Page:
Al-Qaeda leaders said to have ordered attack on New York subway system
Two top al-Qaeda leaders ordered an attack on the New York subway system, in what authorities call one of the most serious terrorism plots on American soil since the Sept. 11, 2001, attacks, before they were apparently killed in U.S. missile strikes, a criminal defendant in the plot and law enforcement officials said Friday.
Zarein Ahmedzay, a New York City taxi driver, pleaded guilty to federal charges in a Brooklyn courtroom, testifying that he plotted suicide attacks in Manhattan in September, during the month of Ramadan. Ahmedzay said he conspired with Najibullah Zazi, an airport shuttle bus driver who had earlier pleaded guilty in the plot. Federal officials have said their plan was in its final stages when it was thwarted.
Ahmedzay, 24, told a judge that he, Zazi and another person met along the Pakistan-Afghanistan border in August 2008 with two top al-Qaeda officials, who ordered them to return to the United States and conduct attacks. The primary target was the New York City subway, where the group planned to detonate potent explosives.
Federal prosecutors identified the officials Friday as Saleh al-Somali, al-Qaeda's head of international operations, and Rashid Rauf, a key operative for the terrorist group.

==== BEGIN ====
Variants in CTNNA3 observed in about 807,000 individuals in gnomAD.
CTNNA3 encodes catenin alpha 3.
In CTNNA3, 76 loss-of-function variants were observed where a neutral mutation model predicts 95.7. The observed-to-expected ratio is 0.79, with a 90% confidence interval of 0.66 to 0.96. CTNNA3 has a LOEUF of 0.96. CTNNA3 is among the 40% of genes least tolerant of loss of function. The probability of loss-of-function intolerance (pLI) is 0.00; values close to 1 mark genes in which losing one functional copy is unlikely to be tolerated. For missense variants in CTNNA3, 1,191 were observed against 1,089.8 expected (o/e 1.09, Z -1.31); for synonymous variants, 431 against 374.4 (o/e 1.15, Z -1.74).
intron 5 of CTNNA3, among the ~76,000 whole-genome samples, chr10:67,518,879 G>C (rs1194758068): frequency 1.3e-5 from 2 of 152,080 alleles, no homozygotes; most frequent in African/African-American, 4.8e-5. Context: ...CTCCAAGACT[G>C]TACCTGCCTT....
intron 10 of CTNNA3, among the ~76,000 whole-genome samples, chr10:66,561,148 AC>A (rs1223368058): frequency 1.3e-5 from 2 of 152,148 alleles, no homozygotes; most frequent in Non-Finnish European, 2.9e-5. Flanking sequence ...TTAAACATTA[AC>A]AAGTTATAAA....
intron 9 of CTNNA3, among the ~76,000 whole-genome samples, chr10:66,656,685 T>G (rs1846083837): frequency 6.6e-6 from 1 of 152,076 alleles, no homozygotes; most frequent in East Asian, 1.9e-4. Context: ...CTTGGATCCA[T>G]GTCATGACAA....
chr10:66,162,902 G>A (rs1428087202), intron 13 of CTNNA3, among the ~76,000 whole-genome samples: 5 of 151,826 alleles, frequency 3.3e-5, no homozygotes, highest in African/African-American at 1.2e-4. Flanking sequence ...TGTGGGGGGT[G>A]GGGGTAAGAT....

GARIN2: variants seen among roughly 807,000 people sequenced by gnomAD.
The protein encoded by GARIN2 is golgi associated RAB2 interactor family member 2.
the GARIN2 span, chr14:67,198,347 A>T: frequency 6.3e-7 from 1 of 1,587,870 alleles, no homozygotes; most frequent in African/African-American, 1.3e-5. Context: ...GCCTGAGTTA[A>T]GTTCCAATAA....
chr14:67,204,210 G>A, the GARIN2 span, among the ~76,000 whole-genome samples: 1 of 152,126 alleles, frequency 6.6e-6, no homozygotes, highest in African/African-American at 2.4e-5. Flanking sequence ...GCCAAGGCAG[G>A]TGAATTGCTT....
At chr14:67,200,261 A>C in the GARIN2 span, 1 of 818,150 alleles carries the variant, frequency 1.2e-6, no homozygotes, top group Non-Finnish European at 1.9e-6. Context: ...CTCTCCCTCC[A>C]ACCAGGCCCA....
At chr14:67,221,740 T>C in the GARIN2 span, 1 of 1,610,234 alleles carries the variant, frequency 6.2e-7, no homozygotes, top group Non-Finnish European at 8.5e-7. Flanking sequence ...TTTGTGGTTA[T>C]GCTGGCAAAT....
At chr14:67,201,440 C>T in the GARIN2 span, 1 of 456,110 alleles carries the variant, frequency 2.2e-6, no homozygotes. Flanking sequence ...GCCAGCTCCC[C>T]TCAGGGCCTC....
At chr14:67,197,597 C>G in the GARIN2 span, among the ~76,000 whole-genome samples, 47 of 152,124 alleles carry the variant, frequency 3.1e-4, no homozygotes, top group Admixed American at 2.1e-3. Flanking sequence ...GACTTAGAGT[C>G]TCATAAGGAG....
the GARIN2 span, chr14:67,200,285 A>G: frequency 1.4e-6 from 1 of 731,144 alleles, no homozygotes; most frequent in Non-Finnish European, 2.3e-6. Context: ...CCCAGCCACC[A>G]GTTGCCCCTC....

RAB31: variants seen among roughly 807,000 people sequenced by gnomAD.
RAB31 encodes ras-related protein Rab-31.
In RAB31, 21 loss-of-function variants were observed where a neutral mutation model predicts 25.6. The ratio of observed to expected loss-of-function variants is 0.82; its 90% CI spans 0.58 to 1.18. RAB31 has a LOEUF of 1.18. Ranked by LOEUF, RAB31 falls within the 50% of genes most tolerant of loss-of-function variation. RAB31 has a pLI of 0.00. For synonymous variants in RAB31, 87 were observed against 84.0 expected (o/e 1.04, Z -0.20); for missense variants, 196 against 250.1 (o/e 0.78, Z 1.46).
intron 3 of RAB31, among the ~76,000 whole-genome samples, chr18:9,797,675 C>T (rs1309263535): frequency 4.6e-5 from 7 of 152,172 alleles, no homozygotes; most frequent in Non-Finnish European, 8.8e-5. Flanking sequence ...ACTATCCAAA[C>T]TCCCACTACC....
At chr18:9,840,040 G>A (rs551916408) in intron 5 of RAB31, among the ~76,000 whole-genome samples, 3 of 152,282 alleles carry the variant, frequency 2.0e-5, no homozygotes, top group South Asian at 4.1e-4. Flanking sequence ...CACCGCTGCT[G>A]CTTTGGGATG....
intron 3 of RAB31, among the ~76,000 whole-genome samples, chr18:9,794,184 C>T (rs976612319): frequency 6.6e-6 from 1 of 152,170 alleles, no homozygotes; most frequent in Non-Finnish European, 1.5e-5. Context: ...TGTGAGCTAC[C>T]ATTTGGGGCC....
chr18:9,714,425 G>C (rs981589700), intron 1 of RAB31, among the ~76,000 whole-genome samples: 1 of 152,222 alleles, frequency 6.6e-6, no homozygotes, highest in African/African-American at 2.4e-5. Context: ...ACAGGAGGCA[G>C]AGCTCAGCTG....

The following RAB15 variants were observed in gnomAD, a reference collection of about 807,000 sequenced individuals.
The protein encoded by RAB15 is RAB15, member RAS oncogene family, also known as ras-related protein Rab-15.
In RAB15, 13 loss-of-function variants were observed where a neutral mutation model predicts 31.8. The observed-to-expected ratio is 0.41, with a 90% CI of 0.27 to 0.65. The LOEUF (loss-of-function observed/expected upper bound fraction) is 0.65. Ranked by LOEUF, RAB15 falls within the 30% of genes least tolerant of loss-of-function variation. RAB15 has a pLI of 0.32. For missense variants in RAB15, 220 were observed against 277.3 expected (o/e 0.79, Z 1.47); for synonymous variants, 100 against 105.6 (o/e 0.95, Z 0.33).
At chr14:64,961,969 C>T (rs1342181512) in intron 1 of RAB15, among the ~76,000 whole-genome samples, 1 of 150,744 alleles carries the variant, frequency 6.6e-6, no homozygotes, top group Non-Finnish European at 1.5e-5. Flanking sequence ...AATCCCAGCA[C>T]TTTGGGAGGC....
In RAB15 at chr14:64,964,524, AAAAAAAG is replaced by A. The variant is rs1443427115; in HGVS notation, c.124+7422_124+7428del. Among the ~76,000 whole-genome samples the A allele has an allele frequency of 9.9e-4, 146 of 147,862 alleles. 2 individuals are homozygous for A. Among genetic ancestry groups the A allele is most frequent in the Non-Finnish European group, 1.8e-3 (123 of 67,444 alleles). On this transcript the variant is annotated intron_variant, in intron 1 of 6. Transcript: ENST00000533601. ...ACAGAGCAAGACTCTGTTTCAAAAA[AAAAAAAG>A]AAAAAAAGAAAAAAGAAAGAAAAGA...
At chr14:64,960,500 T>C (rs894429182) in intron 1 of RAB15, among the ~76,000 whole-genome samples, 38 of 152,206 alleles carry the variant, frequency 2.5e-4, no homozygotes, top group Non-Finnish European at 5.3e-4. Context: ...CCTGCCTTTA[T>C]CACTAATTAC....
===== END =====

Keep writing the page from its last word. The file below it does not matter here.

Authorities have identified Rauf as one of the planners of a 2006 plot to blow up simultaneously as many as 10 U.S.-bound passenger jets with liquid explosives hidden in carry-on luggage. He is believed to have been killed by a missile fired by an unmanned U.S. drone aircraft in November 2008.
Somali, a senior al-Qaeda planner, ran its operations outside the Afghanistan-Pakistan region. He was apparently killed in a similar strike in December, U.S. counterterrorism officials have said.
The subway plot was stopped when Zazi aroused the interest of FBI agents and police by driving a rented car to New York days before the planned attack; authorities stopped his vehicle on a bridge into Manhattan. Obama administration officials, challenged by Republican critics over their handling of national security threats, have raised the case as an example of how the U.S. justice system can handle complex terrorism matters.
A lawyer for Ahmedzay, a U.S. citizen and resident of Queens, N.Y., did not return telephone calls Friday. Ahmedzay pleaded guilty to conspiracy to use weapons of mass destruction and to providing material support to al-Qaeda. He faces a sentence of up to life in prison.
Ahmedzay, Zazi and the third person, also a U.S. resident, told the al-Qaeda leaders during the August 2008 meeting that they wanted to fight in Afghanistan. They were told they would be more useful if they returned to New York and carried out suicide attacks, according to court testimony and federal officials.
Law enforcement officials identified the third man as Adis Medunjanin, who has also been charged in the plot. He has pleaded not guilty.
The three received weapons training and spoke further with the al-Qaeda leadership, who emphasized the need to hit well-known structures in Manhattan, with maximum casualties, officials said. The three Americans later met up in Queens and agreed to carry out suicide bombings during the Muslim holy month of Ramadan, which ran from Aug. 22 to Sept. 20, 2009.
Staff researcher Julie Tate contributed to this report.